Reviewers noted the taunt interplay between Holden and Cobb’s characters as being like that of Bogart and March in a later escaped convict takes hostages film, “The Desperate Hours” (1955)
See Wikipedia and TCM,
|Posted on August 14, 2020 at 1:05 PM||comments (0)|
Alma Reville (1988-1982)
It’s Alma’s birthday today.
Alva Reville was an English screenwriter and film editor and a large part of Alfred Hitchcock’s brain. Charlie Champlin wrote in 1982: "The Hitchcock touch had four hands, and two were Alma's."
Alma actually started in the film industry before Hitchcock and probably would have surpassed him had she been a man.
Hitchcock, however, was smart enough to recruit her as a film editor on the first film where he had any say. And, almost immediately after that, asked her to marry him.
Of editing, she wrote 'the art of cutting is Art indeed, with a capital A, and is of far greater importance than is generally acknowledged'.
Alma wrote many scripts for her husband's films, including Shadow of a Doubt, Suspicion and The Lady Vanishes, as well as scripts for other directors, including Henrik Galeen, Maurice Elvey, and Berthold Viertel. Reville's filmography is extensive with writing credits on many films that were among the biggest of their time.
Reville wrote or co-wrote many screenplays, including:
The Ring (1927)
The Constant Nymph (1928)
The First Born (1928)
A South Sea Bubble (1928)
After the Verdict (1929)
A Romance of Seville (1929)
Juno and the Paycock (1929)
The Skin Game (1931)
The Outsider (1931)
Sally in Our Alley (1931)
Rich and Strange (1931)
The Water Gipsies (1932)
Nine Till Six (1931)
Number Seventeen (1932)
Waltzes from Vienna (1934)
Forbidden Territory (1934)
The 39 Steps (1935)
The Passing of the Third Floor Back (1935)
Secret Agent (1936)
Young and Innocent (1937)
The Lady Vanishes (1938)
Jamaica Inn (1939)
Shadow of a Doubt (1943)
It's in the Bag (1945)
The Paradine Case (1947)
Stage Fright (1950)
I Confess (1953)
Reville, Alma (1923) “cutting and Continuity,” The Motion Picture News, 10.
Alma Hitchcock: The Woman Behind the Man by Pat Hitchcock O'Connell and Laurent Bouzereau, Berkley Trade, 6 July 2004;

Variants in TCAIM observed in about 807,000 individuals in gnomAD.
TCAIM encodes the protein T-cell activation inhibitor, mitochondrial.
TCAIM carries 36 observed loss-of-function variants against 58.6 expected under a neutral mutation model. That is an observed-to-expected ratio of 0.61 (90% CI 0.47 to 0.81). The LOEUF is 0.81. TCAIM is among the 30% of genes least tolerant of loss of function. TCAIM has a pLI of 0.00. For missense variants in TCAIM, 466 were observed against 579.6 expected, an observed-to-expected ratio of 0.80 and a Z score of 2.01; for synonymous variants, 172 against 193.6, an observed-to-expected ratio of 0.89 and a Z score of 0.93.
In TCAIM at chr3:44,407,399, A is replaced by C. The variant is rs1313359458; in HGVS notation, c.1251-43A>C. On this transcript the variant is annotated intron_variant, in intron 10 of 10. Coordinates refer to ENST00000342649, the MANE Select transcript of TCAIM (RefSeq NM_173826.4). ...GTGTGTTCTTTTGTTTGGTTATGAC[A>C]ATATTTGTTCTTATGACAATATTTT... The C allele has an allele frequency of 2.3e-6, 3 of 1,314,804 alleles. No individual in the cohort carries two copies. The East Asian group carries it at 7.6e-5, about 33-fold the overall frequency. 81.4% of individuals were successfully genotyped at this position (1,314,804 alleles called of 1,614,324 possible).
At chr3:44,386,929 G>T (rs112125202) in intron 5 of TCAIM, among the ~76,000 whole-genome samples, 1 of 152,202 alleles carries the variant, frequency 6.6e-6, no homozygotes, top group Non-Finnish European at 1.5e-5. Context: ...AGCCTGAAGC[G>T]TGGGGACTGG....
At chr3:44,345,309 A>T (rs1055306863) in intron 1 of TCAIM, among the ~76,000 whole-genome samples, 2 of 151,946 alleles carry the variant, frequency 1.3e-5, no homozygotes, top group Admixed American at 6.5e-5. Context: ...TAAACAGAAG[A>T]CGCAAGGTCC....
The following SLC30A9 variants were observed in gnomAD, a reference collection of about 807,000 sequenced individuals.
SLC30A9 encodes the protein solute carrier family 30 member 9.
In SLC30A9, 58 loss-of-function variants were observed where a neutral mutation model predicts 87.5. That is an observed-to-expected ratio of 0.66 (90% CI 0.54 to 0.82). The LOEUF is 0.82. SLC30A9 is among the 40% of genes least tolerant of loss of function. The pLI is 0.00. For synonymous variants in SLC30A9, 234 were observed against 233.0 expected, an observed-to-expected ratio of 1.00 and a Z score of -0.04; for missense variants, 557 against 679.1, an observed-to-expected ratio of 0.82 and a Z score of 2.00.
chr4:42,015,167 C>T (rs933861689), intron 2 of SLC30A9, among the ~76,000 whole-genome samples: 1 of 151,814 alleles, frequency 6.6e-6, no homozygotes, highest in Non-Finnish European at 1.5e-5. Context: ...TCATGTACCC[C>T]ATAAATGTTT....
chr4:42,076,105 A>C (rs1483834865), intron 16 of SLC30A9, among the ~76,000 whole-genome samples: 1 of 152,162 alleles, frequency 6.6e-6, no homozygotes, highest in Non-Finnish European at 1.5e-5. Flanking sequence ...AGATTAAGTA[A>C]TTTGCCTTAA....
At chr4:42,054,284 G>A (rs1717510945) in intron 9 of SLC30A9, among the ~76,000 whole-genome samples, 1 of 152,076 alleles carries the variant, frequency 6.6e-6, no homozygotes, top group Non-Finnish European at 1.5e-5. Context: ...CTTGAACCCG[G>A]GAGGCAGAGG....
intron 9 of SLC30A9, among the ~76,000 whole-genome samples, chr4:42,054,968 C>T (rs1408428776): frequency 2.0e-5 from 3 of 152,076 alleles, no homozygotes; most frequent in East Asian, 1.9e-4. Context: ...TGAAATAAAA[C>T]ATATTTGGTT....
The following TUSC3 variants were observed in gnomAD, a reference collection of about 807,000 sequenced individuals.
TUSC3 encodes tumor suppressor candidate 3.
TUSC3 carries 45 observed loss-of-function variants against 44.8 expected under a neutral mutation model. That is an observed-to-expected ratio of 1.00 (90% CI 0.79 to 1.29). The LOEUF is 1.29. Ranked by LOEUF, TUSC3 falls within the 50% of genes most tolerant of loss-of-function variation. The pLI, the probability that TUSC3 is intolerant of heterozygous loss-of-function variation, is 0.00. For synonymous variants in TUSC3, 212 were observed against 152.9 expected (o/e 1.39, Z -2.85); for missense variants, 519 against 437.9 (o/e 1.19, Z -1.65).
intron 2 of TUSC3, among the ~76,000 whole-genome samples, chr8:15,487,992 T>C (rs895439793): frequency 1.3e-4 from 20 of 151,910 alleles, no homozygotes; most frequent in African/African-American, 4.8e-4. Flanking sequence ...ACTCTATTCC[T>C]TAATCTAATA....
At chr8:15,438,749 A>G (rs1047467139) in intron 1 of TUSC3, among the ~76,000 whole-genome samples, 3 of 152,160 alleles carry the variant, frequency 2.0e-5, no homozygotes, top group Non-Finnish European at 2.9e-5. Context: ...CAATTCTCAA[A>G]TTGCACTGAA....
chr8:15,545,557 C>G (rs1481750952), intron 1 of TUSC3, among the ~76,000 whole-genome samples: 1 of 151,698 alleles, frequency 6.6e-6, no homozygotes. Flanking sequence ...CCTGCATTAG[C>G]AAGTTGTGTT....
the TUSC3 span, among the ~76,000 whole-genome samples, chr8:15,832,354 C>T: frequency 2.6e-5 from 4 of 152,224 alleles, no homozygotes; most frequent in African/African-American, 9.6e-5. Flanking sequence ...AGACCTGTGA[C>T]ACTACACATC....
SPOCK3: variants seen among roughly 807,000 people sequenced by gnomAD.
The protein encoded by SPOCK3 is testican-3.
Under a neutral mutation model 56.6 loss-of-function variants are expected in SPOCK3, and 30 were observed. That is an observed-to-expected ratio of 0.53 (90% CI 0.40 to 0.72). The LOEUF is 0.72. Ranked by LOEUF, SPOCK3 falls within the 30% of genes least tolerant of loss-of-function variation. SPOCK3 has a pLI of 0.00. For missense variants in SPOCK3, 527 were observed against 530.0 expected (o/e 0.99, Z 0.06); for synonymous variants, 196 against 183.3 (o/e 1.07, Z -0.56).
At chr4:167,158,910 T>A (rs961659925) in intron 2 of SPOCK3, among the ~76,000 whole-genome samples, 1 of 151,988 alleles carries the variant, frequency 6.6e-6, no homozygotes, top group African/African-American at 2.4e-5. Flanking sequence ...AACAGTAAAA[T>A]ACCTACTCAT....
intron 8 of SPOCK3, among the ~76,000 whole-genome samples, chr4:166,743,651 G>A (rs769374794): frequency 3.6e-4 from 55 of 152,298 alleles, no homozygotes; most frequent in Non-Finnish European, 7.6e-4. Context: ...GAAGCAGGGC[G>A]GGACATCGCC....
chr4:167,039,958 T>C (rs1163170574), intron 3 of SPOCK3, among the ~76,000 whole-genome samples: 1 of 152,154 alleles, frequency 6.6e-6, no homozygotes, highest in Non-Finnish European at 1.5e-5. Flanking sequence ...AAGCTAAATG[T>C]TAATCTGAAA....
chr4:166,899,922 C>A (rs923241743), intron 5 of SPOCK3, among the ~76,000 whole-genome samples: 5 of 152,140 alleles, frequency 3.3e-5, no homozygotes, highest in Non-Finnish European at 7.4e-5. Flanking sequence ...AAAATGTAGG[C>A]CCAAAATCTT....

|Posted on August 8, 2020 at 1:55 PM||comments (0)|
Nocturne No. 20 in C-sharp Minor (Little Neal Dancing in my Heart).
This solo piano piece was composed by Chopin in 1930 and dedicated to his older sister. It was not pubished until 1870, 21 years after the composer’s death.
The piece was played by Holocaust survivor Natalia Karp for the Nazi concentration camp commandant Amon Goeth while she was imprisoned in Plaszow concentration camp in Poland. Karp was ordered to play and she chose this piece because it was “sad.” And, she said “I was sad.”
Goeth was so impressed with Karp’s rendition that he spared her life. When she finished playing, Goeth said “She shall live.” Karp responded: “Not without my sister.” Goeth acquiesced.
Goeth was made famous by Ralph Fiennes’s depiction of him in Shindler’s list.
See, Chopin’s Heart, Poland’s spirit, Madeleine Kearns (3/14/20)
The Nocturne was also the piece played by Holocaust survivor and famed Polish pianist Władysław Szpilman (the central figure of the 2002 Roman Polanski film “The Pianist” during the last live broadcast of Polish radio on September 23, 1939. While Szpilman was playing Warsaw was being besieged by the German army.
Years later, Szpilman also played this piece for German army officer Wilm Hosenfeld upon their first meeting. (In the corresponding scene in “The Pianist” Szpilman plays an abridged version of Chopin's Ballade No. 1 in G minor, Op. 23.) Hosenfeld later helped Szpilman hide and provided food to him in the last months of the war.
Movie uses of the piece: “The Pianist” “Terminator: The Sarah Connor Chronicles “The Karate Kid” “The Peacemaker” “The Innkeeper” “Mafia III” “Frantz” (2016).
Chopin’s elder sister, the sister to whom Chopin dedicated this piece, came to Paris when Chopin became gravely ill.
It was to her that he made the request to take his heart back to Poland. She did. Chopin’s heart was hidden from the Nazis during the war.
You can hear the Nocturne performed by Wladyslaw Szpilman here:
You can listen to a version by Elisabeth Leonskaja on Spotify
Jan Lisiecki performs the Nocturne on iTunes